Free Pregnancy Testing

While most abortion clinics like Planned Parenthood won’t offer free reproductive healthcare, you still have options!

Before you schedule an appointment for an abortion, it’s important to confirm your pregnancy with a certified lab-quality test. Even if you’ve taken an at-home pregnancy test, a lab-quality test will confirm you still have detectable levels of pregnancy hormones, indicating that you’re still pregnant. While a pregnancy test might be added to your bill at an abortion clinic, you can find free and confidential pregnancy testing at your local pregnancy centers, like BsideU for Life.

Free Ultrasound

You might be wondering why you would want to get an ultrasound if you’re planning on getting an abortion. However, ultrasounds are not just for women who plan to parent. These scans are actually an important part of the abortion process as they will help you identify the age, location, and viability of the pregnancy. 

These facts will not only give you insight into which abortion procedure you’re eligible for, but they will also help you identify any underlying conditions you might have that would increase the dangers of abortion. 

An ultrasound is required under Kentucky law prior to having an abortion as part of the patient’s informed consent rights.   If you obtain a free ultrasound from BsideU, it cannot be substituted for the one that an abortion clinic must provide by law.  

Schedule your free appointment today! 

The staff here at BsideU for Life is passionate about providing women with the resources and facts related to their pregnancy options.

When you walk inside our clinic, you’ll find pregnancy testing and ultrasound services, pregnancy options counseling, and physical and educational resources if you decide parenting or adoption are right for you. Most importantly, we’re here to help you confidently make the best decision for yourself and your future! 

Will I Pass My STD to My Baby? 

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Planned or unplanned, pregnancy can bring about a million questions, anxieties, and worries. If you think you might be pregnant and have an STD, you’re likely wondering if your condition will have any impact on your pregnancy, your options, and — if you chose to give birth — your baby.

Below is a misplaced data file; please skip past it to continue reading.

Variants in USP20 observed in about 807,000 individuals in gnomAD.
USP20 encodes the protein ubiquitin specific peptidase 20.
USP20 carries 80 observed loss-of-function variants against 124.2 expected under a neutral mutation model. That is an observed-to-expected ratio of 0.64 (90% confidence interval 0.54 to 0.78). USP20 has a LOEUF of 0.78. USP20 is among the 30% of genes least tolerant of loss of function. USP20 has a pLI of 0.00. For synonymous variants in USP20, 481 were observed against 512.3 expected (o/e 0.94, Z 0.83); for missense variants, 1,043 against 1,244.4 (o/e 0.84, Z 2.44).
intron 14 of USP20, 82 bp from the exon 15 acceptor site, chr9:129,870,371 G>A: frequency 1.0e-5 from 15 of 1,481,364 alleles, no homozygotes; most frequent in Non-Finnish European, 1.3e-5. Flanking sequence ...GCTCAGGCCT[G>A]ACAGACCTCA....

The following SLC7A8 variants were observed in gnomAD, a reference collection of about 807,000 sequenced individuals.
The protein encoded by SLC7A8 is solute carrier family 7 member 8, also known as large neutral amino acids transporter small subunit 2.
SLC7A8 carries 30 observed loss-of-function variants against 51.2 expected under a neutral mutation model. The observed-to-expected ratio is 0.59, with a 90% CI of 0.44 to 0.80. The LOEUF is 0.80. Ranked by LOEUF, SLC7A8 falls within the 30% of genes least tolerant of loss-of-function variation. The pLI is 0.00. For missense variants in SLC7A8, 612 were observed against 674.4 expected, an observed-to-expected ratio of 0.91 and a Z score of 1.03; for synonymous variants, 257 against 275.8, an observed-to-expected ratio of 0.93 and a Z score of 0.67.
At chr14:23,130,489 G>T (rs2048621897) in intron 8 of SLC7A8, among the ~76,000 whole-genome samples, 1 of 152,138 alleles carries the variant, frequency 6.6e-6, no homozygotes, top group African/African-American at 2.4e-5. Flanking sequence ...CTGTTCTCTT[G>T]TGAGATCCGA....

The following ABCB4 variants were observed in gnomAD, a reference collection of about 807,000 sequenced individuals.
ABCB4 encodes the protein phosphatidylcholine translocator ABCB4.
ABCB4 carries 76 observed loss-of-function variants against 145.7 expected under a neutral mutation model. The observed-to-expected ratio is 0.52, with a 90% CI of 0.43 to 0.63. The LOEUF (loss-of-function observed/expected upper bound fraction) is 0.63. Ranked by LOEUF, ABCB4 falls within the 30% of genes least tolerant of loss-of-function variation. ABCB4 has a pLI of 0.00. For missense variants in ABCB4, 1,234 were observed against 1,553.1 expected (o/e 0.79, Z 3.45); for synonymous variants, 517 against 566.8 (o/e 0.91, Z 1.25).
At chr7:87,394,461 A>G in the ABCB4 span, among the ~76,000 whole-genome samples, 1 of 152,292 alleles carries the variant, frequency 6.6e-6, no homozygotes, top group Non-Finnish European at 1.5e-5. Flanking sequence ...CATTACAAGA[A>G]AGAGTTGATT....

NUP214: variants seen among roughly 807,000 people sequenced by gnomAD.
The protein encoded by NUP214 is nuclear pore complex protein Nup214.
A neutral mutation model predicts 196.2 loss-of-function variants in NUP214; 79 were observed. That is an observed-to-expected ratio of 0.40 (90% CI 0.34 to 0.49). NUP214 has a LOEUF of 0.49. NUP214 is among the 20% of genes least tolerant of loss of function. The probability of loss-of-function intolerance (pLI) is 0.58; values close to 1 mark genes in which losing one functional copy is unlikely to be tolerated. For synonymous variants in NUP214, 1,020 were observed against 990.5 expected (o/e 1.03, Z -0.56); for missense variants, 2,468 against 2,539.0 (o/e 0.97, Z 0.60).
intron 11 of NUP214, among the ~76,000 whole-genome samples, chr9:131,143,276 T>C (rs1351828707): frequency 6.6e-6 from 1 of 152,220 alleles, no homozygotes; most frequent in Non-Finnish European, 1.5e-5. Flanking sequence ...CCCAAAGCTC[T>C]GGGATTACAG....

Sexually transmitted diseases (STDs) or sexually transmitted infections (STIs) are caused by microbes (bacteria or viruses) that are  transferred through sexual contact through the mouth, anus, or genitals. If you or a sexual partner have had sexual contact with more than one person, at any point, you run the risk of contracting an STD.

While it’s always important to be aware of the risks related to STDs, this is especially necessary if you’re pregnant or think you might be pregnant.


Pregnancy and STDs — Will I pass my STD to my baby?

In short, yes — some STDs can be passed from the mother to the baby during pregnancy, birth, and even after the child is born.

STDs that can be passed to your child include the following:

– Chlamydia
– Genital herpes
– Gonorrhea
– Hepatitis B
– HIV/AIDS
– HPV/genital warts
– Syphilis

– Trichomonas Vaginalis


What happens if I pass an STD to my baby?

Having an STD while you’re pregnant can cause complications in your pregnancy and can seriously impact your baby’s future health and wellbeing.  Depending on the infection, some potential impacts on children born to mothers with STDs might include:

– Premature birth
– Blindness

– Deafness

– Eye infections

– Pneumonia
– Meningitis

– Liver disease

– Blood infection

– Brain damage

– Lack of coordination 

– Acute hepatitis

– Stillbirth



I think I’m pregnant and have an STD — What do I do?

Whether you think you’re pregnant or not, if you’re sexually active, it’s important to be tested for STDs on a routine basis. Because these diseases can lay dormant, it’s wise to be tested even if you don’t have any symptoms.

At BsideU For Life, we provide free STI testing and treatment at no cost to our pregnancy test clients, along with our other free services, including options counseling and ultrasounds. 



Abortion and STDs — What to Know

 

If there’s a chance you might have an STD and are considering an abortion, you’ll still need to be tested before moving forward with your abortion appointment. In fact, getting an abortion while carrying an untreated STD can be extremely dangerous. Surgical abortions can cause untreated diseases to spread throughout your body, which can result in sepsis and septic shock. Women with STDs are also at a greater risk for ectopic pregnancies, where the pregnancy isn’t located in the uterus.  Undetected, an ectopic pregnancy can lead to serious complications.

Like with any major medical procedure, it’s essential that you have a full picture of the potential risks and side effects of abortion, especially if there’s a chance you might have an STD or STI.